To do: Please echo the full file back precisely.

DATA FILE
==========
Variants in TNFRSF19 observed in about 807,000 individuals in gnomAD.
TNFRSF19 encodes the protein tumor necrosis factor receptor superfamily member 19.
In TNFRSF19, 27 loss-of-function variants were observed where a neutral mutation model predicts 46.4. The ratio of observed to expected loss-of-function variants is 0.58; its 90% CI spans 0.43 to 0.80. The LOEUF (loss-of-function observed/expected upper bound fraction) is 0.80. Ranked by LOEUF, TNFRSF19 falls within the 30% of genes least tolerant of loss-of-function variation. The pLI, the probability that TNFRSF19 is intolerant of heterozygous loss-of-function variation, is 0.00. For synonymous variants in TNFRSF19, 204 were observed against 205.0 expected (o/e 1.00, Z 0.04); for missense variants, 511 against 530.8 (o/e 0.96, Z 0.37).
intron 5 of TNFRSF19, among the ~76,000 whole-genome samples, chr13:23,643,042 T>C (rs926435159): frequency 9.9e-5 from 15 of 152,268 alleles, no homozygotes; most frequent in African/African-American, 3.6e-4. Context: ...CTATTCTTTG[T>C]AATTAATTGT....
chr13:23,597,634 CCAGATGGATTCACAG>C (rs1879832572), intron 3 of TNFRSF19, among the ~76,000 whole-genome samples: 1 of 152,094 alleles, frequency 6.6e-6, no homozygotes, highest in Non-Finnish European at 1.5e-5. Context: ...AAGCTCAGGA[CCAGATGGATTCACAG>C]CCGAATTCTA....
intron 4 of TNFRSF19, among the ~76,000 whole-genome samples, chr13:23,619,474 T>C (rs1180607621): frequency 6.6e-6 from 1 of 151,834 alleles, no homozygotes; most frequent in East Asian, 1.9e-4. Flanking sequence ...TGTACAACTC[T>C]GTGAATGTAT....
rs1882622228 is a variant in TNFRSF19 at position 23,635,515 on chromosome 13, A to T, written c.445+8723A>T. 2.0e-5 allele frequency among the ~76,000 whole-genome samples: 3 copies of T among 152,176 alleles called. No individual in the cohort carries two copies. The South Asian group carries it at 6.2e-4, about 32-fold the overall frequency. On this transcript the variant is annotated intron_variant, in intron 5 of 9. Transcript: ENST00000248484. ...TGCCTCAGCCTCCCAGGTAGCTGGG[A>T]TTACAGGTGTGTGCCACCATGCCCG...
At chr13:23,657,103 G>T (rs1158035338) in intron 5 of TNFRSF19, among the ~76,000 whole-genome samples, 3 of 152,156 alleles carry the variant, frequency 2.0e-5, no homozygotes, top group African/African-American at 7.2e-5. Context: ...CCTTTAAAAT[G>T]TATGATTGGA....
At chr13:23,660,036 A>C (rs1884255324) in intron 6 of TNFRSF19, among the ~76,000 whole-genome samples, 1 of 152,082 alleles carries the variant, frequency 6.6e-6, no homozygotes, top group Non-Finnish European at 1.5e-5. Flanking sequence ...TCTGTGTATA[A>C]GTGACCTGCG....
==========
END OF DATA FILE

Variants in TNFRSF19 observed in about 807,000 individuals in gnomAD.
TNFRSF19 encodes the protein tumor necrosis factor receptor superfamily member 19.
In TNFRSF19, 27 loss-of-function variants were observed where a neutral mutation model predicts 46.4. The ratio of observed to expected loss-of-function variants is 0.58; its 90% CI spans 0.43 to 0.80. The LOEUF (loss-of-function observed/expected upper bound fraction) is 0.80. Ranked by LOEUF, TNFRSF19 falls within the 30% of genes least tolerant of loss-of-function variation. The pLI, the probability that TNFRSF19 is intolerant of heterozygous loss-of-function variation, is 0.00. For synonymous variants in TNFRSF19, 204 were observed against 205.0 expected (o/e 1.00, Z 0.04); for missense variants, 511 against 530.8 (o/e 0.96, Z 0.37).
intron 5 of TNFRSF19, among the ~76,000 whole-genome samples, chr13:23,643,042 T>C (rs926435159): frequency 9.9e-5 from 15 of 152,268 alleles, no homozygotes; most frequent in African/African-American, 3.6e-4. Context: ...CTATTCTTTG[T>C]AATTAATTGT....
chr13:23,597,634 CCAGATGGATTCACAG>C (rs1879832572), intron 3 of TNFRSF19, among the ~76,000 whole-genome samples: 1 of 152,094 alleles, frequency 6.6e-6, no homozygotes, highest in Non-Finnish European at 1.5e-5. Context: ...AAGCTCAGGA[CCAGATGGATTCACAG>C]CCGAATTCTA....
intron 4 of TNFRSF19, among the ~76,000 whole-genome samples, chr13:23,619,474 T>C (rs1180607621): frequency 6.6e-6 from 1 of 151,834 alleles, no homozygotes; most frequent in East Asian, 1.9e-4. Flanking sequence ...TGTACAACTC[T>C]GTGAATGTAT....
rs1882622228 is a variant in TNFRSF19 at position 23,635,515 on chromosome 13, A to T, written c.445+8723A>T. 2.0e-5 allele frequency among the ~76,000 whole-genome samples: 3 copies of T among 152,176 alleles called. No individual in the cohort carries two copies. The South Asian group carries it at 6.2e-4, about 32-fold the overall frequency. On this transcript the variant is annotated intron_variant, in intron 5 of 9. Transcript: ENST00000248484. ...TGCCTCAGCCTCCCAGGTAGCTGGG[A>T]TTACAGGTGTGTGCCACCATGCCCG...
At chr13:23,657,103 G>T (rs1158035338) in intron 5 of TNFRSF19, among the ~76,000 whole-genome samples, 3 of 152,156 alleles carry the variant, frequency 2.0e-5, no homozygotes, top group African/African-American at 7.2e-5. Context: ...CCTTTAAAAT[G>T]TATGATTGGA....
At chr13:23,660,036 A>C (rs1884255324) in intron 6 of TNFRSF19, among the ~76,000 whole-genome samples, 1 of 152,082 alleles carries the variant, frequency 6.6e-6, no homozygotes, top group Non-Finnish European at 1.5e-5. Flanking sequence ...TCTGTGTATA[A>C]GTGACCTGCG....